Research released today underscores both the dangers and the therapeutic promise of marijuana, revealing different effects across the lifespan. Marijuana exposure in the womb or during adolescence may disrupt learning and memory, damage communication between brain regions, and disturb levels of key neurotransmitters and metabolites in the brain. In Alzheimer’s disease, however, compounds found in marijuana, such as the psychoactive compound delta-9-tetrahydrocannabinol (THC), may improve memory and mitigate some of the disease’s symptoms.

Could machines using artificial intelligence make doctors obsolete?

The technology of these tools is evolving rapidly. Standalone machines can now perform limited tasks raising the question of whether machines will ever completely replace doctors?

Social media use increases depression and loneliness, study finds

Facebook, Snapchat, and Instagram may not be great for personal well-being. The first experimental study examining use of multiple platforms shows a causal link between time spent on these social media and increased depression and loneliness.

Patients with untreated hearing loss incur higher health care costs over time

Older adults with untreated hearing loss incur substantially higher total health care costs compared to those who don’t have hearing loss — an average of 46 percent, totaling $22,434 per person over a decade, according to a new study.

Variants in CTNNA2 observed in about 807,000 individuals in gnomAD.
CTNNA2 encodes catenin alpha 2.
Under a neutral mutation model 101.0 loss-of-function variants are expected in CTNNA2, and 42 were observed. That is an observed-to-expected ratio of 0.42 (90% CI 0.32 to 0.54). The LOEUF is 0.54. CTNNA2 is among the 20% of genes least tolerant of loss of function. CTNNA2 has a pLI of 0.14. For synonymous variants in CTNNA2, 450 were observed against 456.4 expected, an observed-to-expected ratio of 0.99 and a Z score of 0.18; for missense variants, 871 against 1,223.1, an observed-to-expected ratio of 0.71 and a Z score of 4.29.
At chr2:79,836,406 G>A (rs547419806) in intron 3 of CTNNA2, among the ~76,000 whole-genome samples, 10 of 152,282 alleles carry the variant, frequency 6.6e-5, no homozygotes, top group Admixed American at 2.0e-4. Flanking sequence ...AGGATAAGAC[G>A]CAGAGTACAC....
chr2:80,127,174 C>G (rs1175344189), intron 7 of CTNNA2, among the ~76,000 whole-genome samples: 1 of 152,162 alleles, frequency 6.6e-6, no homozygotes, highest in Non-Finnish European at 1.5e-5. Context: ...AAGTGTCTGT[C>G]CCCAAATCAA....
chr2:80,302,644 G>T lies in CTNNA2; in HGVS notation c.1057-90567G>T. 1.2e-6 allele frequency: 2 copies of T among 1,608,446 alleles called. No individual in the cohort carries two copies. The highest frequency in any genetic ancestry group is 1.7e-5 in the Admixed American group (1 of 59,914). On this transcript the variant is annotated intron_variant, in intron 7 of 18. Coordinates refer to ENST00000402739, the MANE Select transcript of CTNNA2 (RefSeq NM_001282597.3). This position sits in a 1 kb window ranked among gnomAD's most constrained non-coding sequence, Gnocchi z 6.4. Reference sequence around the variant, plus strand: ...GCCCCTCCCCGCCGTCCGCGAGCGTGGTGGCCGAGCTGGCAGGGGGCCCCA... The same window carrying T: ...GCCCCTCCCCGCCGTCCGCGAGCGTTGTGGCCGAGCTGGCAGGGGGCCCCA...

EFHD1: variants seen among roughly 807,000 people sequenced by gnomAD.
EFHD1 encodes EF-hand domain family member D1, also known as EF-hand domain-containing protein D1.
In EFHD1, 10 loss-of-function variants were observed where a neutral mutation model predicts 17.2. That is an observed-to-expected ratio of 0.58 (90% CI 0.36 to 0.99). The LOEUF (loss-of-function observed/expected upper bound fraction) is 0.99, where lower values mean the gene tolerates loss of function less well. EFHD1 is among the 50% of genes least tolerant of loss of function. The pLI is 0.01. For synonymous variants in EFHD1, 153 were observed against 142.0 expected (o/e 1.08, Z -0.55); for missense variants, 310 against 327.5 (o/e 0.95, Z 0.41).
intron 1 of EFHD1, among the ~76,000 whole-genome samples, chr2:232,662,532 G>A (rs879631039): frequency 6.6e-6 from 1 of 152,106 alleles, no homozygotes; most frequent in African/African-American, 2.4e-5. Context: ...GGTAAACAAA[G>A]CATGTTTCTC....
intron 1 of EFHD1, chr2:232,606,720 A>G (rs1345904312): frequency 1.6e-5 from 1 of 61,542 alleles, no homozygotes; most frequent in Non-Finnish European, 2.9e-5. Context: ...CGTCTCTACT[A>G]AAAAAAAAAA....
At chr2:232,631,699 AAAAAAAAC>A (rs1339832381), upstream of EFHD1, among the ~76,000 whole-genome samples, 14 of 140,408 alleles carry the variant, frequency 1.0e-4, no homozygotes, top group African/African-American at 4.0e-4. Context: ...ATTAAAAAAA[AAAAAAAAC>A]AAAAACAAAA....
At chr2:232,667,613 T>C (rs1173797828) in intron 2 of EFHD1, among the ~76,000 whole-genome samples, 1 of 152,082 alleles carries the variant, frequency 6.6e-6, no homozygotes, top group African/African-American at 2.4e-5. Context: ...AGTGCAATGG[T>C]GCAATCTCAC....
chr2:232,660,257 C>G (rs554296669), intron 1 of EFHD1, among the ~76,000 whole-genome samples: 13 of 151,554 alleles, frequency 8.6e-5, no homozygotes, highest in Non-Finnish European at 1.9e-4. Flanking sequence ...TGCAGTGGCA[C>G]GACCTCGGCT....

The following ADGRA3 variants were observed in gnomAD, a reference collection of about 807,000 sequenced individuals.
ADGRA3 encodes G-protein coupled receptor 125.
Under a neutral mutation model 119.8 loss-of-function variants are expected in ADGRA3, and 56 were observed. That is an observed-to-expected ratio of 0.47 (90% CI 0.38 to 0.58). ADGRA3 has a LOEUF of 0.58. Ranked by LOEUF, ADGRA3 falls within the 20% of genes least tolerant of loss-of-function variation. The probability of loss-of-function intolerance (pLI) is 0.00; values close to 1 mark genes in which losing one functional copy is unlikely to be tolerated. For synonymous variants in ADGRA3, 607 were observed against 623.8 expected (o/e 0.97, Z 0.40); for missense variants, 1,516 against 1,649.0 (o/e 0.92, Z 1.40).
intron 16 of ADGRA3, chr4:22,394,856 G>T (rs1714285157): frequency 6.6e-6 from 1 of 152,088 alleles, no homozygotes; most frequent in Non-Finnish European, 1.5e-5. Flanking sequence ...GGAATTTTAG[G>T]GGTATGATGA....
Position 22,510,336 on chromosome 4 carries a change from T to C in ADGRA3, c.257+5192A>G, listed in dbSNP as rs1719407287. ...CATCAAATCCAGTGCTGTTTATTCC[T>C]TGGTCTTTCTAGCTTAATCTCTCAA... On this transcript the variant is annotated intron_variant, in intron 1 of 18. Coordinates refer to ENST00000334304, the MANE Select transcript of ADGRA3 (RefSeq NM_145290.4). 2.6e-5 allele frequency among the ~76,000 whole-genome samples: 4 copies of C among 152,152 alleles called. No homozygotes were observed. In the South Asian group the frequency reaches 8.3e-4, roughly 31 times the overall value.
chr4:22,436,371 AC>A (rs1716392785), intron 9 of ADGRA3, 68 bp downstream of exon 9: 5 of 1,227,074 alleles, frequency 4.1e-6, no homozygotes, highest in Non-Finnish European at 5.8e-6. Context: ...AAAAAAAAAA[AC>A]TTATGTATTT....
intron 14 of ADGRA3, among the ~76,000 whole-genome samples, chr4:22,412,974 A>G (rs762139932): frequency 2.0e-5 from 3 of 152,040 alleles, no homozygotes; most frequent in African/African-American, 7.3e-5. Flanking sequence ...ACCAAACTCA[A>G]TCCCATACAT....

Pilot study suggests pedal desks could address health risks of sedentary workplace

A recent pilot study by kinesiologists found that pedaling while conducting work tasks improved insulin responses to a test meal. Investigators found that insulin levels following the meal were lower when sedentary workers used a pedal desk compared to a standard desk. In addition, work skills were not decreased in the pedaling condition.

Researchers closer to gonorrhea vaccine after exhaustive analysis of proteins

In a study of proteins historic in its scope, researchers have pushed closer both to a vaccine for gonorrhea and toward understanding why the bacteria that cause the disease are so good at fending off antimicrobial drugs.

Excessive posting of selfies is associated with increase in narcissism

A new study has established that excessive use of social media, in particular the posting of images and selfies, is associated with a subsequent increase in narcissism by an average of 25 percent.

Scalpel-free surgery enhances quality of life for Parkinson’s patients

A high-tech form of brain surgery that replaces scalpels with sound waves improved quality of life for people with Parkinson’s disease that has resisted other forms of treatment, a new study has found.

Diet fluctuations lead to a rollercoaster of risk for heart disease and diabetes.Risk factors for cardiovascular disease closely track with changes in eating patterns, even only after a month or so.

Playing high school football changes the teenage brain

A single season of high school football may cause microscopic changes in the structure of the brain, according to a new study. A new type of magnetic resonance imaging (MRI) revealed significant changes in the structure of the grey matter in the front and rear of the brain and changes to structures deep inside the brain.

Study: Football Affects Youth Brain Development After Just One Season

Just one season of football resulted in signs of damage to brain development for those youth players who have frequent impacts to the head, according to a study, CNN reported.